New York City’s bossy mayor Mike Bloomberg has thrown down a gauntlet in the Chick-Fil-A battle, but Bloomie’s nanny state ideals do not extend to booting the controversial, conservative and anti-gay chicken chain with in New York City’s historically very-gay confines.
Few people are aware there actually is a Chick-Fil-A outpost in New York City, bizarrely located on the New York University campus, hidden away from street traffic and hard to find. (Also. Probably not making very good sales this week.)
And as you probably recall, bossy-boots Bloomberg has no qualms about telling the residents of his city what to drink (making national headlines recently for banning large beverages in an obesity-fighting measure, as well outlawing outdoor smoking in a great many areas in Gotham) — but his interference begins and ends only with individuals, and not companies who engage in behavior of which he does not approve.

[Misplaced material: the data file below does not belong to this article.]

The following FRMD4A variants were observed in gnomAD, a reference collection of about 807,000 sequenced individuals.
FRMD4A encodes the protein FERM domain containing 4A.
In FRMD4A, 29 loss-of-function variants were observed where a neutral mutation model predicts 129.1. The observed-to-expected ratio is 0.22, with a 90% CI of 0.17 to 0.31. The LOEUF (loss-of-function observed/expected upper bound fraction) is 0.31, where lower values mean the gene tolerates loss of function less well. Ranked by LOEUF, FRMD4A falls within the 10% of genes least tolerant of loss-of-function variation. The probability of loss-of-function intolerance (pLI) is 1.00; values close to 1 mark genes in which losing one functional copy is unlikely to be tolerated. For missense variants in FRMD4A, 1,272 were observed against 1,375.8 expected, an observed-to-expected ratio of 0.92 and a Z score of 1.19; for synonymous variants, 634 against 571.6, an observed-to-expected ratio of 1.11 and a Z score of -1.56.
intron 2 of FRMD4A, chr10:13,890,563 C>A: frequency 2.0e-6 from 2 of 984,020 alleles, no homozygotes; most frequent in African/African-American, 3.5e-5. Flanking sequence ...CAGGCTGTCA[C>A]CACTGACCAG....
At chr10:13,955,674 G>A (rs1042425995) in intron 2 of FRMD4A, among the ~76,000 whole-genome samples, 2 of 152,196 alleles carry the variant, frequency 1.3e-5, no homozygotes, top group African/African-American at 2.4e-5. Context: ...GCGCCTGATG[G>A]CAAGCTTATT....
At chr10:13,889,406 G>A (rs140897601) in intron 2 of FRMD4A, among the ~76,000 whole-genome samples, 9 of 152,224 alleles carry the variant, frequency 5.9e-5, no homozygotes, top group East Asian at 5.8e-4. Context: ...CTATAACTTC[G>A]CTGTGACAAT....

Bloomberg, who is supportive of gay rights, has joined the growing chorus of people who believe that same-sex marriage is the right thing to do — but who do not believe that a city should enforce such views on a business, or that denying that business freedom of commerce is within the acceptable boundaries of behavior for government.
In response to bans in Boston and Chicago of the anti-gay-marriage Chick-Fil-A, Bloomberg huffed:
“You can’t have a test for what the owners’ personal views are before you decide to give a permit to do something in the city. You really don’t want to ask political beliefs or religious beliefs before you issue a permit, that’s just not government’s job.”
“This is just a bad idea, and it’s not going to happen in New York City.”
Do you agree with the decision in some cities to bar Chick-Fil-A from opening locations?